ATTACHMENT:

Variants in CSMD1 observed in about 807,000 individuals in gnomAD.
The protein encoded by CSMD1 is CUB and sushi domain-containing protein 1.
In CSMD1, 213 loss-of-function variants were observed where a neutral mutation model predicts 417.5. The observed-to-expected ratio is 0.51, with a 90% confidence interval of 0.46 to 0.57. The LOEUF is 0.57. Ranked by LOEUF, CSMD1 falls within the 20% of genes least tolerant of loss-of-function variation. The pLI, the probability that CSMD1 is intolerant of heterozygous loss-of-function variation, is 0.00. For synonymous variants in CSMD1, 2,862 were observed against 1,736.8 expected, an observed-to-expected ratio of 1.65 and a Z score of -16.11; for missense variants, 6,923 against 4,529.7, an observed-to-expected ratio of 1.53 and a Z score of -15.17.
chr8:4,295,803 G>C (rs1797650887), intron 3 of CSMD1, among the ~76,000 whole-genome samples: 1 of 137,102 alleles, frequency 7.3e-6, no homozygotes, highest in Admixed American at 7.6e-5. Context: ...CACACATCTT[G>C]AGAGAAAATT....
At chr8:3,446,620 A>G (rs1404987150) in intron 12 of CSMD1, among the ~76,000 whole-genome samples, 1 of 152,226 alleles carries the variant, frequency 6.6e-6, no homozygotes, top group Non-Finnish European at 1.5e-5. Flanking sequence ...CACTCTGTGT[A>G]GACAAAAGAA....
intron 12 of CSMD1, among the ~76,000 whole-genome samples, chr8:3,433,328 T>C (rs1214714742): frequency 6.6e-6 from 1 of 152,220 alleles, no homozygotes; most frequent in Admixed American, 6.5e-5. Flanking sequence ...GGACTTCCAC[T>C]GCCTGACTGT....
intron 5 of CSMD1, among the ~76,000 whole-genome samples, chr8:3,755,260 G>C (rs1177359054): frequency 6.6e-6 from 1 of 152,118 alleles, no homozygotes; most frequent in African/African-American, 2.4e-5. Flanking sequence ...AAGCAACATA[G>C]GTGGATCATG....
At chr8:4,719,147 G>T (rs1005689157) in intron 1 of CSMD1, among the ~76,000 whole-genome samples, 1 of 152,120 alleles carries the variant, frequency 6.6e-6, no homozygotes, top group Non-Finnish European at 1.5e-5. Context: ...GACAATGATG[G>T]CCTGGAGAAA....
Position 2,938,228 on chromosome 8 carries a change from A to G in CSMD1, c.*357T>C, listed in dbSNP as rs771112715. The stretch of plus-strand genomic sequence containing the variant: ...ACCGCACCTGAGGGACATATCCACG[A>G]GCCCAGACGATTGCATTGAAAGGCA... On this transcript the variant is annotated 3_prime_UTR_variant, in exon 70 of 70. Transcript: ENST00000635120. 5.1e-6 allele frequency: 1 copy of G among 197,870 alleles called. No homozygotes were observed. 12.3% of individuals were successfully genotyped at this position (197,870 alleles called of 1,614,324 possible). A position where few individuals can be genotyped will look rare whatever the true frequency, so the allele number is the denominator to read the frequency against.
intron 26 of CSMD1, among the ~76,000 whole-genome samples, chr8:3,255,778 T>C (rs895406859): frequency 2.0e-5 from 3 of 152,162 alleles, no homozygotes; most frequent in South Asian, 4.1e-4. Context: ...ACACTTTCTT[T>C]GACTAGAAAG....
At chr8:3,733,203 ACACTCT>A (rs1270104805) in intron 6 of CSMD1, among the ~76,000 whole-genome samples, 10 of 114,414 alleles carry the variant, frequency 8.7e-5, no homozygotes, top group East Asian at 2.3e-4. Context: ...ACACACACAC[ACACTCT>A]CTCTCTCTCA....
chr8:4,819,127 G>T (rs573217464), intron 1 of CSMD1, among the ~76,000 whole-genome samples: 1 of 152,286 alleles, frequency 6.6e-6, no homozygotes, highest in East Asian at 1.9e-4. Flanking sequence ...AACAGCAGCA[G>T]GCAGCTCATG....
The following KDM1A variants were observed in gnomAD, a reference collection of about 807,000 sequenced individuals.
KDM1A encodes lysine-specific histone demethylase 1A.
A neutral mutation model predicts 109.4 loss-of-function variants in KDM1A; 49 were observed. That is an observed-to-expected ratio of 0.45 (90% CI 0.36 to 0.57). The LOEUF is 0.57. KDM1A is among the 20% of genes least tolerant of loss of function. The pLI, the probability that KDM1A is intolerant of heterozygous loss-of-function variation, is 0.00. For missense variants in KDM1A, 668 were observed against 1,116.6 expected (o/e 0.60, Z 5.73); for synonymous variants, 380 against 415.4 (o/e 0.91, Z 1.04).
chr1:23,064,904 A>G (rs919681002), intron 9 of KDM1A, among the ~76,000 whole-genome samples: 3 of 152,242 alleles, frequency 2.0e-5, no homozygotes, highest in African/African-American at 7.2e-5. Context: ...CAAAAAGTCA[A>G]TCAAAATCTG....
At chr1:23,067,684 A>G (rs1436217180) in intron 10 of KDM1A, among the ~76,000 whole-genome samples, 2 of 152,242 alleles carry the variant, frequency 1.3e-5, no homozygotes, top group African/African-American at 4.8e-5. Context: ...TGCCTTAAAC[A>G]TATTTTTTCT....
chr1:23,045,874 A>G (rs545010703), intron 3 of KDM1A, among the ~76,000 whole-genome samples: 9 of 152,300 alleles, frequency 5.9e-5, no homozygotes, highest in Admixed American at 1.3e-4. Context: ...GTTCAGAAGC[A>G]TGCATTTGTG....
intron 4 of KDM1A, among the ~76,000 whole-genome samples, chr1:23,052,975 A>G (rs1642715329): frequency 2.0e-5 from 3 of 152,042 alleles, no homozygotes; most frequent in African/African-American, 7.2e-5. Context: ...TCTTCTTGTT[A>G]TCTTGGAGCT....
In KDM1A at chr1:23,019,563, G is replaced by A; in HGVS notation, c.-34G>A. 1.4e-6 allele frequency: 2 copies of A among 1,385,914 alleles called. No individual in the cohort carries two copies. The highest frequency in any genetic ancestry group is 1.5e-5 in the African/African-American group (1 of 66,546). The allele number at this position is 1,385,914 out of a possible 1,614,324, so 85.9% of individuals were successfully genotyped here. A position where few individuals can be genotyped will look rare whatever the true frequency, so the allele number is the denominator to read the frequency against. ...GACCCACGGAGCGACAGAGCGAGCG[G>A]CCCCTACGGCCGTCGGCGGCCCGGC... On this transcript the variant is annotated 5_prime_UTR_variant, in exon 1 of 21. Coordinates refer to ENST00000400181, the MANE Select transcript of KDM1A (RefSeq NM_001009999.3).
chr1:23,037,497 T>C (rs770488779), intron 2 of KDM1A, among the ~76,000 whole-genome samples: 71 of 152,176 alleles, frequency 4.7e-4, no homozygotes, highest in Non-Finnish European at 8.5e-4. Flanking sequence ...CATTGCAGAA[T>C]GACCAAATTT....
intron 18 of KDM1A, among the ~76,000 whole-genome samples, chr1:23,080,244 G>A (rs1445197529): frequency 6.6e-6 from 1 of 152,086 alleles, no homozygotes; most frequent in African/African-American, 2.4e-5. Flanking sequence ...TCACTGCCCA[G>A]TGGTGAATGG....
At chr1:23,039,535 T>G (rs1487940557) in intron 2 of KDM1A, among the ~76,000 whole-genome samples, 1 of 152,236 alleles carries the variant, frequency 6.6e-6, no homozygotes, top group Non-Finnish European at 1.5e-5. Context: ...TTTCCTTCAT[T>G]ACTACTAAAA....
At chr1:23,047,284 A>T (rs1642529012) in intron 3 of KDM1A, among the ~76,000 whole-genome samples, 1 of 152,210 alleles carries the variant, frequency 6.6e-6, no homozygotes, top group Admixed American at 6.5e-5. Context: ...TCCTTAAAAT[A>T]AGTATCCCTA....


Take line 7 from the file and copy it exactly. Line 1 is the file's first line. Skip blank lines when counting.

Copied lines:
intron 5 of CSMD1, among the ~76,000 whole-genome samples, chr8:3,755,260 G>C (rs1177359054): frequency 6.6e-6 from 1 of 152,118 alleles, no homozygotes; most frequent in African/African-American, 2.4e-5. Flanking sequence ...AAGCAACATA[G>C]GTGGATCATG....